Richard Lugar, ranking member of the Senate Foreign Relations Committee, directed committee staff member for Latin America, Carl Meacham, to "evaluate U.S. policy towards Cuba". During the trip to Cuba, staff met with government officials, clergy, diplomats, business people, international press, and Cuban citizens. The resulting report offered the following conclusions:
"In hindsight, the U.S. embargo has not served a national security agenda since Cuba ceased to be an effective threat to the security of the United States. In the immediate post-Cold War era, the cost of maintaining this policy was negligible in comparison to the domestic political benefit derived from satisfying Cuban-American groups in the United States. The USG justified the embargo policy as an incentive or inducement for negotiations with the Cuban government, the rationale being that the U.S. would lift the embargo, or parts of it, in response to reform on human rights and democracy. This narrow approach, however, has not furthered progress in human rights or democracy in Cuba and has come at the expense of other direct and regional strategic U.S. interests.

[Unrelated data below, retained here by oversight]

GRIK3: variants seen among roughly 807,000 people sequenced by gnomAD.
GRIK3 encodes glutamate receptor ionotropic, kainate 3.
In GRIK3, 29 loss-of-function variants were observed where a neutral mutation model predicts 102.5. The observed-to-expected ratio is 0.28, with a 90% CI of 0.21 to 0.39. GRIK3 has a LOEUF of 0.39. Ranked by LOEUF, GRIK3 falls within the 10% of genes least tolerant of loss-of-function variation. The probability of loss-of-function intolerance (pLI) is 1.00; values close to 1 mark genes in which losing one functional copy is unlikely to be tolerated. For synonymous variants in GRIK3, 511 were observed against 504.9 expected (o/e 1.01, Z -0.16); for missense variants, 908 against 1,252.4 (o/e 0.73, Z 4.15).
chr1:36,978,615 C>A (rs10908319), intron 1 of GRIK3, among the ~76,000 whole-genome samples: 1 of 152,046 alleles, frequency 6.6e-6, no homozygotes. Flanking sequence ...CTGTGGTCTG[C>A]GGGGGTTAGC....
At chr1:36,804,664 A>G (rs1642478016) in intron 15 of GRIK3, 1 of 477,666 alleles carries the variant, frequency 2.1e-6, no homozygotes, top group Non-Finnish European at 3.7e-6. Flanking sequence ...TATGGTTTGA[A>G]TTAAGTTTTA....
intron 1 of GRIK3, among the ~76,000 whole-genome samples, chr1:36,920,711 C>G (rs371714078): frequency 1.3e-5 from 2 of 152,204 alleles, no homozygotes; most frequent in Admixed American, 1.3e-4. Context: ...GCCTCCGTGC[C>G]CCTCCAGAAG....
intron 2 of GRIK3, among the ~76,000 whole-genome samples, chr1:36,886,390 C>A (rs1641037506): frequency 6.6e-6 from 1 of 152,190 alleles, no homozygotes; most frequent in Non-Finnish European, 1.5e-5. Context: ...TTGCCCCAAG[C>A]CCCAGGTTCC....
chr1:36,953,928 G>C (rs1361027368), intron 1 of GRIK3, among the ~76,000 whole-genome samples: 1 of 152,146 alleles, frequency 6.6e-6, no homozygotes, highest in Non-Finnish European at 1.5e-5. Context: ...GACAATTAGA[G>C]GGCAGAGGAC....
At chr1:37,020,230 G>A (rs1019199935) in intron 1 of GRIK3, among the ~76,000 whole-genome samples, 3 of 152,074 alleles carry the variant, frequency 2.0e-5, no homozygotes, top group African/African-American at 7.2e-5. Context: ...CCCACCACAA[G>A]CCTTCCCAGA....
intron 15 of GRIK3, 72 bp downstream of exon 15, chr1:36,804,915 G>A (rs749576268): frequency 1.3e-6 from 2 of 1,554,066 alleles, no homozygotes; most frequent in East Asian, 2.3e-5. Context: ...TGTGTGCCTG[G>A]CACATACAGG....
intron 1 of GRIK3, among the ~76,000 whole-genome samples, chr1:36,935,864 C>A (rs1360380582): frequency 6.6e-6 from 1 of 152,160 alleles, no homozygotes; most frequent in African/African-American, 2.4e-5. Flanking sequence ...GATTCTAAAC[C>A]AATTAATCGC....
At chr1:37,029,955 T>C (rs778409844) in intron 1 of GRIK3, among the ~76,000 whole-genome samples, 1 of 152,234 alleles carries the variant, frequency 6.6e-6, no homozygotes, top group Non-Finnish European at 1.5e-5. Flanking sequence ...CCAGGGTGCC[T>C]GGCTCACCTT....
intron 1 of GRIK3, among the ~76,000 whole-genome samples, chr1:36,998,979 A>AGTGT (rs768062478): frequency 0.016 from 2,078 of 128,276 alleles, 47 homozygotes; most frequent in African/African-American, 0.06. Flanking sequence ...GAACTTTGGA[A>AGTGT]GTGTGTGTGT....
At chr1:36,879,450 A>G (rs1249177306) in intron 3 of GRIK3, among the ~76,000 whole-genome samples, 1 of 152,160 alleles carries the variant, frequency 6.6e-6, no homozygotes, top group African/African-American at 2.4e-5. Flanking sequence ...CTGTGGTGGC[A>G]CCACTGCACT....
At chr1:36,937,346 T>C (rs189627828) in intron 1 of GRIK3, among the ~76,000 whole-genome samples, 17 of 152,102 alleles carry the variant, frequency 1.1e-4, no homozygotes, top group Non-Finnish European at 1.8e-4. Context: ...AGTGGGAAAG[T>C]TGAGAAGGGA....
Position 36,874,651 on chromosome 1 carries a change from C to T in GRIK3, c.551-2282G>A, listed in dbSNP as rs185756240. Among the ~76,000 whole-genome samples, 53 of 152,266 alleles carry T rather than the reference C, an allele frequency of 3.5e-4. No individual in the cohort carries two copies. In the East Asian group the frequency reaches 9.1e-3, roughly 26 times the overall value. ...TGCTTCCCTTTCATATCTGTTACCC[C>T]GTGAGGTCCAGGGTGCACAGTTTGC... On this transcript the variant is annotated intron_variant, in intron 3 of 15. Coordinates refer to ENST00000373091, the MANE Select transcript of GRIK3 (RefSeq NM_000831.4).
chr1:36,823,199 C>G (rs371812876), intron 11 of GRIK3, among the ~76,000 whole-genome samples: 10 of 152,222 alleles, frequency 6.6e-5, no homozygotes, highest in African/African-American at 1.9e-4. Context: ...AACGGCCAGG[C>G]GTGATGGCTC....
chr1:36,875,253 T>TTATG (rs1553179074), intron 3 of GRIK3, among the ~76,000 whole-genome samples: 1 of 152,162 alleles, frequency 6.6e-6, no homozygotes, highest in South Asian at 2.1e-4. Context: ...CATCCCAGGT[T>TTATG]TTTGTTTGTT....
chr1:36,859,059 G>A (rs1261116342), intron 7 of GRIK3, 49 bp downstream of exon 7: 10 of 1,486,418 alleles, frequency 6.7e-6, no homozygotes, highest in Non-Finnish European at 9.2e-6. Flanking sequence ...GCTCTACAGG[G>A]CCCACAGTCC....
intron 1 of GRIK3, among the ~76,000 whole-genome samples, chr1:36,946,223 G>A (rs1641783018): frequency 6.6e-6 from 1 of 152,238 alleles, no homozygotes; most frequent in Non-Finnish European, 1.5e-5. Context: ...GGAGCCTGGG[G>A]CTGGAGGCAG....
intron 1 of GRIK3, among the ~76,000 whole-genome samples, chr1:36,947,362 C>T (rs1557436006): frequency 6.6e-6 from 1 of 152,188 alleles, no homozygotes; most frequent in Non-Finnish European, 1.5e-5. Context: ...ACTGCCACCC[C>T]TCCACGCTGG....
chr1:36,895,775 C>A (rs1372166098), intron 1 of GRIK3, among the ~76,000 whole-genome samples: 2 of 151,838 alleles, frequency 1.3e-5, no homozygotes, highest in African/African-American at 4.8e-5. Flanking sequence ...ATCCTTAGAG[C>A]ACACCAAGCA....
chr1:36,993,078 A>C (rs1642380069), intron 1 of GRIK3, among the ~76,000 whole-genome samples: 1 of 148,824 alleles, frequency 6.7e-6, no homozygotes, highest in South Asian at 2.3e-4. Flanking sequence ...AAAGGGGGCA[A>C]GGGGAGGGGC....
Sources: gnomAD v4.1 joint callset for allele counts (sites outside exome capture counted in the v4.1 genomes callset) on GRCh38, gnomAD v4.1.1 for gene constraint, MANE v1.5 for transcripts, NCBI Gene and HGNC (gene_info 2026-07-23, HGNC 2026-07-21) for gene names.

Today it is clear that a reform of our policy would serve U.S. security and economic interests in managing migration effectively and combating the illegal drug trade, among other interests. By seizing the initiative at the beginning of a new U.S. Administration and at an important moment in Cuban history, the USG would relinquish a conditional posture that has made any policy changes contingent on Havana, not Washington.
Reform of U.S.-Cuban relations would also benefit our regional relations. Certain Latin American lenders, whose political appeal depends on the propagation of an array of anti-Washington grievances, would lose momentum as a centerpiece of these grievances is removed. More significantly, Latin Americans would view U.S. engagement with Cuba as a demonstration that the United States understands their perspectives on the history of U.S. policy in the region and no longer insists that all of Latin America must share U.S. hostility to a 50-year-old regime. The resulting improvement to the United States' image in the region would facilitate the advancement of U.S. interests.
If reform in US.-Cuba policy were to occur in the direction of sequenced engagement, the impact on the region would be swift and to the benefit of the security and prosperity of the United
States. In due order, we must correct the failures of our current policy in a way that enhances U.S. interests."